- a game for two or more persons, played with a 52-card pack evenly divided between the players, in which each player turns up one card at a time with the higher card taking the lower, and in which, when both turned up cards match, each player lays one card face down and turns up another, the player with the higher card of the second turn taking all the cards laid down.
- an occasion in this game when both turned up cards match.
verb (used without object), warred, war·ring.
Origin of war1
Examples from the Web for warring
Contemporary Examples of warring
For peace to have a chance, the calculations of the warring parties must change as well.‘The Good Lie’ and the Hard Truths of South Sudan
October 3, 2014
The warring courts that left two men in legal limbo and ultimately resolved nothing?Mary Fallin’s Killer Fiasco
May 1, 2014
Today, he is sick of Syria talk, and asserts that all warring sides are guilty of perpetuating the violence.War Tourists Flock to Syria’s Front Lines
November 2, 2013
The “warring nations,” which continued to be at odds, and might always be, did not forge modern Canada that way.What Canada's History Teaches Us About the Feasibility of the One-State Paradigm
September 24, 2013
If this trio smiles twice, it will be once more than the dour, warring panel from last season did.Jennifer Lopez, Keith Urban, and Harry Connick Jr. Will Save ‘American Idol’
September 3, 2013
Historical Examples of warring
But for the quality of Giovanni's head-piece of a truth there had been an end to the warring of a Fool.The Shame of Motley
It was the signal; like warring currents of the sea the two forces clashed.Nicanor - Teller of Tales
C. Bryson Taylor
His soul is the battle ground of the warring angels of good and evil.Ernest Linwood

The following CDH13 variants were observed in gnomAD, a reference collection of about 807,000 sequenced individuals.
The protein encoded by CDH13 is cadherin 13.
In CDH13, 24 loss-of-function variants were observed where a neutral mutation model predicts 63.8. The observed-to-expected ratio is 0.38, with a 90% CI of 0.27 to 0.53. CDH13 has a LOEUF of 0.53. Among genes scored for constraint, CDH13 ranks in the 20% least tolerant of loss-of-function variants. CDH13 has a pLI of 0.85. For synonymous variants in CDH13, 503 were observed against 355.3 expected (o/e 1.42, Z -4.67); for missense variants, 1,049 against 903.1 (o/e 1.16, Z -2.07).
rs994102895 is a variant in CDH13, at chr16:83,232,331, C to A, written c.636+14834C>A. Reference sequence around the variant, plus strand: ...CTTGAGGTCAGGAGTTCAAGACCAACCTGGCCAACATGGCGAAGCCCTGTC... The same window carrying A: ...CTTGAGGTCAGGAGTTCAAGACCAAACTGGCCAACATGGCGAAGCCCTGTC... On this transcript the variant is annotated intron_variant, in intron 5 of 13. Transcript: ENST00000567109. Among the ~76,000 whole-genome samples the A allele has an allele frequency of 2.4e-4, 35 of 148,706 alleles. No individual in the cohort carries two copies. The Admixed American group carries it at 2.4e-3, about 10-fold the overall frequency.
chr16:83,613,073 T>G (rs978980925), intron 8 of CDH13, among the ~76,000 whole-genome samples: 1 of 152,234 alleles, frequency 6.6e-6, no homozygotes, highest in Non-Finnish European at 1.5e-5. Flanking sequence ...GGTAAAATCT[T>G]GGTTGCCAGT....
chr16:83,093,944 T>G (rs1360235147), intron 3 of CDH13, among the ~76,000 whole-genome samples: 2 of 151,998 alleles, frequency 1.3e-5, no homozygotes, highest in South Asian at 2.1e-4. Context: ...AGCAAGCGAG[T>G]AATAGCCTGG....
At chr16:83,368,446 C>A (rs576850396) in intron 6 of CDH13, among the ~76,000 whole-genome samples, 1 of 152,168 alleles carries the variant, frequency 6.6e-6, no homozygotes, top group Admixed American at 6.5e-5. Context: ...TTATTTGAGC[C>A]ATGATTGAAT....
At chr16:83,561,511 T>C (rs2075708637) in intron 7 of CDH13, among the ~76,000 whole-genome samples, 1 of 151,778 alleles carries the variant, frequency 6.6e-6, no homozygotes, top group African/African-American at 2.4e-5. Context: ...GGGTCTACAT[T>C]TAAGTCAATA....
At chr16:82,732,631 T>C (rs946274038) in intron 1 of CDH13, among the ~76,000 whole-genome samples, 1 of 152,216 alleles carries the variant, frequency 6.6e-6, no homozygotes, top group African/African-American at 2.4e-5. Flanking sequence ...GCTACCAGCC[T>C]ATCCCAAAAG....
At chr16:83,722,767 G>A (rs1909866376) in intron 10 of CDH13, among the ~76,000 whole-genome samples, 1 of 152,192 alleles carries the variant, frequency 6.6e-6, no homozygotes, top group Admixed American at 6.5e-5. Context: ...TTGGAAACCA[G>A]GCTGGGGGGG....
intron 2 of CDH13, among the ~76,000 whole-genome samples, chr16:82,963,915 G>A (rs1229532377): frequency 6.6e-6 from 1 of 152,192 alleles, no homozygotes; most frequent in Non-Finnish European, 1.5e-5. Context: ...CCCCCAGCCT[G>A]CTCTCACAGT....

Caroline Lee Hentz
As these lines are written we are still at peace with all the warring nations.A Journey Through France in War Time
Joseph G. Butler, Jr.
I want to get these warring elements together, under one roof.The Last Woman
verb wars, warring or warred
Word Origin for war
"to make war on," mid-12c.; see war (n.). Related: Warred; warring.
late Old English (c.1050), wyrre, werre, from Old North French werre "war" (Modern French guerre), from Frankish *werra, from Proto-Germanic *werso (cf. Old Saxon werran, Old High German werran, German verwirren "to confuse, perplex"). Cognates suggest the original sense was "to bring into confusion."
Spanish, Portuguese, and Italian guerra are from the same source; Romanic peoples turned to Germanic for a word to avoid Latin bellum because its form tended to merge with bello- "beautiful." There was no common Germanic word for "war" at the dawn of historical times. Old English had many poetic words for "war" (wig, guð, heaðo, hild, all common in personal names), but the usual one to translate Latin bellum was gewin "struggle, strife" (related to win).
First record of war time is late 14c. Warpath (1775) is originally in reference to North American Indians, as are war-whoop (1761), war-paint (1826), and war-dance (1757). War crime first attested 1906. War chest is attested from 1901; now usually figurative. War games translates German Kriegspiel (see kriegspiel).
In addition to the idioms beginning with war
- ward off
- war horse
- war of nerves
- all's fair in love and war
- at war
- been to the wars
- declare war
- tug of war